> Thanks for the responses.
>
> My plan is based on this information that I've found:
>
> http://laptopbatterynews.com/2009/04...ry-performance
>
> Remove Battery when Using AC/DC Power Source
> Laptop batteries are in constant charge and discharge state when you
> have the AC/DC adapter plugged into the computer and using the
> computer with the battery installed. Removing the battery while using
> the AC/DC adapter will help prolong the life span of the battey since
> most last 500-800 charging cycles or 18-24 months. These frequent
> shallow charges do not allow all of the battery cells to properly
> condition for optimum battery performance.
>
> http://www.batteryuniversity.com/partone-19.htm
>
> Keep batteries in a cool and dry storage area. Refrigeration is
> recommended but freezers should be avoided. When refrigerated, the
> battery should be placed in a plastic bag to protect against
> condensation
>
> Do not fully charge lithium and nickel-based batteries before storage.
> Keep them partially charged and apply a full charge before use. Store
> lithium-ion at about 40% state-of-charge (3.75-3.80V/cell open
> terminal). Lead-acid batteries must be stored fully charged.


I agree with most everything. Although that 500-800 recharges are
partial recharges IMHO. As if you run them down all of the time before
recharging, the number is usually within 200 to 250 range. And that 18
to 24 month figure is true if left in the laptop. Not true if left out
of the laptop. As it will last 3 or more times longer than that.

The reason being is that the heat from the laptop (some are cooler than
others) keeps the battery at higher temperatures. Which in the short run
doesn't mean much. But day after day does degrade the battery which
makes it useless in about 18 to 24 months for most laptops.

Another side effect of leaving the battery in all of the time on AC, is
that most laptops will recharge the battery again once it drops down to
96%. So the battery will be in this 96% to 100% charged state the whole
time it is left in the laptop on AC. Also not so good for the battery.

And this last reason why not to leave it in the laptop which I am pretty
much alone with this opinion. Is that laptop manufactures want to boost
long battery life. And to do this, they charge the cells to 4.2v per
cell. Great for longer running times. Bad for battery longevity. As
stopping the charge when the battery hits 4.1v per cell makes it lasts
so much longer IMHO.

So there you go and good luck!

--
Bill
Gateway MX6124 ('06 era) - Windows XP SP2


 
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iws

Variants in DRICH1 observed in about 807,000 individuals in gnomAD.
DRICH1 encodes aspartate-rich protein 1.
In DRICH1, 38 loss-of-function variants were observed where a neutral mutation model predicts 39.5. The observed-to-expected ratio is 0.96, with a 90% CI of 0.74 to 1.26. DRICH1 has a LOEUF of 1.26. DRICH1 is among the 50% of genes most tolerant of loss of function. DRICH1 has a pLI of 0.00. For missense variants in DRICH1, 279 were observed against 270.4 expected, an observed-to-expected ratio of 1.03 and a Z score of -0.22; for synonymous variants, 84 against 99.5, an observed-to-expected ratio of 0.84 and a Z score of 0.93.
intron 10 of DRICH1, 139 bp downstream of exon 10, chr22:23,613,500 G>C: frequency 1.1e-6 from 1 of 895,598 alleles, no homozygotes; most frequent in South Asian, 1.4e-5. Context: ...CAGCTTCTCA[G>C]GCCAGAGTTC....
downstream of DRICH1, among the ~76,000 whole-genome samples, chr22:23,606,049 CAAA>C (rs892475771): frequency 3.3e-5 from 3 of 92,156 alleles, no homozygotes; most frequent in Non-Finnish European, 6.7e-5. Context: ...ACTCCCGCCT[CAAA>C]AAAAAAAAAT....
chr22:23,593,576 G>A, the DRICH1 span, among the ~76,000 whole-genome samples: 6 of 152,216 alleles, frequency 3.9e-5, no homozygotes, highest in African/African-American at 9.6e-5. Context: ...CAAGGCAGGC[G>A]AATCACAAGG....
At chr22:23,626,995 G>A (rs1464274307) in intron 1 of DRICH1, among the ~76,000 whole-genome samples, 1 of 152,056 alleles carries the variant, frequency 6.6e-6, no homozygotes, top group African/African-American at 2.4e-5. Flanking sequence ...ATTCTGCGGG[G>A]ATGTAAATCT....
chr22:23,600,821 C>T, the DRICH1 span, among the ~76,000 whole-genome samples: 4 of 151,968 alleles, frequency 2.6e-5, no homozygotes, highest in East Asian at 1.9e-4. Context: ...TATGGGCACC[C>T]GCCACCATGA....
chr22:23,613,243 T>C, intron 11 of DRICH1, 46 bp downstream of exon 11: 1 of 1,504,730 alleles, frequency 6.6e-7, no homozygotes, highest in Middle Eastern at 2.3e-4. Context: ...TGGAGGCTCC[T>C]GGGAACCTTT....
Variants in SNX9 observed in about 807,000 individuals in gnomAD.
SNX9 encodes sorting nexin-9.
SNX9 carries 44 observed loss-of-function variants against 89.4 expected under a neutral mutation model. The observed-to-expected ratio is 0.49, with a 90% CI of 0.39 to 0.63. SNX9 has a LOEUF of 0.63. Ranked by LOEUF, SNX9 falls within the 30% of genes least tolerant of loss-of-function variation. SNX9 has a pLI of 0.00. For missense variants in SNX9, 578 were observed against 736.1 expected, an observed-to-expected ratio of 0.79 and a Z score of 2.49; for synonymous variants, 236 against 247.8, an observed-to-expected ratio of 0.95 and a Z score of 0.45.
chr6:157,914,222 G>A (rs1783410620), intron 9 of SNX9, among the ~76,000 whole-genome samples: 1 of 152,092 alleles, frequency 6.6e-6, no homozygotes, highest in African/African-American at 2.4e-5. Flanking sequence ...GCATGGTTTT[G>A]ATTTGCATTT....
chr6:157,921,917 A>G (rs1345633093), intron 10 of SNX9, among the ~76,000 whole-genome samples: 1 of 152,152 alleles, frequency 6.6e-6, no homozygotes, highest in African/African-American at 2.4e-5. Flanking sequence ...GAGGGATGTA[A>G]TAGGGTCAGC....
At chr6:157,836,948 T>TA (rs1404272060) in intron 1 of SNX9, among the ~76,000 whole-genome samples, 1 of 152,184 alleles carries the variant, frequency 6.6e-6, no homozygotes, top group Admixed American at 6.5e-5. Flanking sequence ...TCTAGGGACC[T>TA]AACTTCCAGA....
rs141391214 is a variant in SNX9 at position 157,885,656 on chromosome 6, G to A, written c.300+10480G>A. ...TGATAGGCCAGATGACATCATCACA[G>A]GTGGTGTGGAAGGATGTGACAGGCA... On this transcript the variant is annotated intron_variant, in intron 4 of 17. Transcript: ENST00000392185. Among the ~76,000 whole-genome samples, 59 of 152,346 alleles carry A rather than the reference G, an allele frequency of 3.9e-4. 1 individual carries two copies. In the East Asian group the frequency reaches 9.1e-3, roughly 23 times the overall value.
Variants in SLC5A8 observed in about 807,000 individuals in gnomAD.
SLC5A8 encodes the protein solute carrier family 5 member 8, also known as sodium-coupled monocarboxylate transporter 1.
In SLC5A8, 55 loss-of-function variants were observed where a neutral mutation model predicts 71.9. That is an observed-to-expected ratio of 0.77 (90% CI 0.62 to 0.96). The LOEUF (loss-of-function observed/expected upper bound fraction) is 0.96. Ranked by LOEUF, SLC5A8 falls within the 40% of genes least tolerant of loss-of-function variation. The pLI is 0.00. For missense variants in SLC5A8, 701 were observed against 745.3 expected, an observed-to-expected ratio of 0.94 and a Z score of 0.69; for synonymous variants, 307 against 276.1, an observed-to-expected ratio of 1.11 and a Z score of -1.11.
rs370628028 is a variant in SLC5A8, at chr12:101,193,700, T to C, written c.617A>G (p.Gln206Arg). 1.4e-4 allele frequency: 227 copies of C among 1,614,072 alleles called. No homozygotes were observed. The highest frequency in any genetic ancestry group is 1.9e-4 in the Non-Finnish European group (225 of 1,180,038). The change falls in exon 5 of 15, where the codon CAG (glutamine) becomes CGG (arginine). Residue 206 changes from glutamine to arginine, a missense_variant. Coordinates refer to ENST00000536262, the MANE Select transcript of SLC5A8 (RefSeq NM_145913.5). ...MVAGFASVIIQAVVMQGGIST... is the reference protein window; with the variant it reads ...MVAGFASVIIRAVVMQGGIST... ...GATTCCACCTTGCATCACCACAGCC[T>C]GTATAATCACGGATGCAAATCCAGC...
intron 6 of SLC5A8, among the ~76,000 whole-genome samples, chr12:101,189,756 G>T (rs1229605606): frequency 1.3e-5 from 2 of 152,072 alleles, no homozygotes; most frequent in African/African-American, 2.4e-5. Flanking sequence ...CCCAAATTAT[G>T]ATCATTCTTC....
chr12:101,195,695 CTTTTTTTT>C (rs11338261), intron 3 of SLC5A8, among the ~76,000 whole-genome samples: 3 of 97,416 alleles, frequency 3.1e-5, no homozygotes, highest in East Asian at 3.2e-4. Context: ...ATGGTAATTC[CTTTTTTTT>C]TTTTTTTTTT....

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      08-13-2009, 03:26 PM
<(E-Mail Removed)> wrote in message
news:(E-Mail Removed)...
| Brand new Dell Inspiron 1545 laptop purchased last week. At this time
| the system will be used as a desktop, running on AC power continously.
|
| According to http://www.batteryuniversity.com and other sources,
| leaving the battery in - while always running on AC power and never on
| battery power - will shorten the life of the battery.
|
| So the battery's been removed, and with a 40% charge on it, it's in a
| ziplock bag and stored in the refrigerator.
|
| The plan is to remove it from storage after some time, put it back in
| the laptop, recharge it back up to 40%, and then store it in the
| refrigerator again. This cycle will be repeated indefinitely.
|
| My questions are:
|
| 1. How long can the battery remain stored in the refrigerator before
| it has to be recharged? One month? Two months?
|
| 2. Should I be concerned about corrosion of the contacts or dust
| buildup in an empty battery compartment?
|
| Any help would be greatly appreciated. Thanks!
|
| - Dave

If you remove the battery while on AC, make sure you use a UPS to avoid
unexpected power loss and data loss/corruption. Frankly, I would not keep a
battery at 40% charge because then I'm screwed if I have to use the laptop
on battery power on short notice without time to fully charge it. I've found
that my laptop batteries typically last longer than two years albeit with a
somewhat reduced capacity. But then I don't use my laptop as a desktop
substitute. If I get 2-3 years of useful life without all fuss of storing
half charged batteries, then I'm happy. After all, the cost of a new $100
battery amortized over three years is $0.09 a day.


 
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chuckcar
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      08-13-2009, 03:43 PM
(E-Mail Removed) wrote in
news:(E-Mail Removed):

> On Aug 13, 9:04*am, "BillW50" <(E-Mail Removed)> wrote:
>> Innews:(E-Mail Removed)
>> , (E-Mail Removed) typed on Thu, 13 Aug 2009 06:22:15 -0700 (PDT):


> http://www.batteryuniversity.com/partone-19.htm
>
> Keep batteries in a cool and dry storage area. Refrigeration is
> recommended but freezers should be avoided. When refrigerated, the
> battery should be placed in a plastic bag to protect against
> condensation
>

Wouldn't the water condense out of the air in the bag? Evacuating the bag
in some way would seem prudent if possible even if just with a straw.


--